Music is a massive part of Dominican life. You’ll struggle to find a native who can’t dance and sing Merengue – the national dance par excellence which pulses from corner stores, beachside bars, car radios, you name it. Traditionally, songs talk about daily life and instruments include the four stringed guitar ‘cuatro’, percussion provided by ‘guiro’ and tambourine, saxophone, trumpet and bass. The Son music style was introduced by Cubans in Montecristi and Puerto Plata, mixing Spanish and African call and response style. Guitar centred Bachata music and dance stems from Santo Domingo, taking influence from Meringue and the Cuban Bolero, with bluesy lyrics.
Locals will tell you their food is ‘Comida Criolla’ – home-grown local cuisine influenced by the Spanish settlers of bygone eras. Many call the Dominican Republic the ‘Caribbean’s breadbasket’, because nearly everything you’ll find in restaurants, shops, hotels and households has been grown, farmed and caught in the country. Main exports include sugar, cocoa and coffee.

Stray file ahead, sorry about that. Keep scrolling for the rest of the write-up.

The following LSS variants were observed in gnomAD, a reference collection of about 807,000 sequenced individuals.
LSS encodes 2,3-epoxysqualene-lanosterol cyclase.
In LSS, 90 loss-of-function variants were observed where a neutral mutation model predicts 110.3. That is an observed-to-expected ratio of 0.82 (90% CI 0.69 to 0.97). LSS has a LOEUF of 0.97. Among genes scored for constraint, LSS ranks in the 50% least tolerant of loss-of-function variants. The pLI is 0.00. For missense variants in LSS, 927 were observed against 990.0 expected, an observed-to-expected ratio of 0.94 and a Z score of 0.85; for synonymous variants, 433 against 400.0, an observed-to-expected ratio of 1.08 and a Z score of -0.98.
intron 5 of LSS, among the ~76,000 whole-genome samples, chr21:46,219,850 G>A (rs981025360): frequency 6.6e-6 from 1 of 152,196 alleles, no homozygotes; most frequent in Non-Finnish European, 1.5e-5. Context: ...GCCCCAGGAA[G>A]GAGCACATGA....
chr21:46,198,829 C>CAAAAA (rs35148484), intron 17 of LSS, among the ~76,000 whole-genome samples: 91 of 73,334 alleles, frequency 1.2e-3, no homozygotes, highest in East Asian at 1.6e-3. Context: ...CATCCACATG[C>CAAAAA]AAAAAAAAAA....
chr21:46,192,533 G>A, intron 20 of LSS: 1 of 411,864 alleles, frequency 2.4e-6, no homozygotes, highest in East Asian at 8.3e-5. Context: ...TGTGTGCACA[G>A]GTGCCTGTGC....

The key ingredients found in most meals are rice, beans, plantain, fruit, vegetables, meat, fish and seafood. The traditional dish La Bandera – The Flag – incorporates most of these, with white rice, beans and meat stew. Sancocho stew is another favourite, and many dishes incorporate eggs or fried salami. Plantains are very popular - lookout also for tostones (fried plantain) and Mangú (boiled and mashed plantains). With sugar being such a huge export, there are some fabulously sweet desserts like the creamy, coconutty dulce de coco. Locally grown guavas, bananas, pineapples, coconuts, passion fruits and mangos are among the freshest, juiciest fruits you’ll ever taste.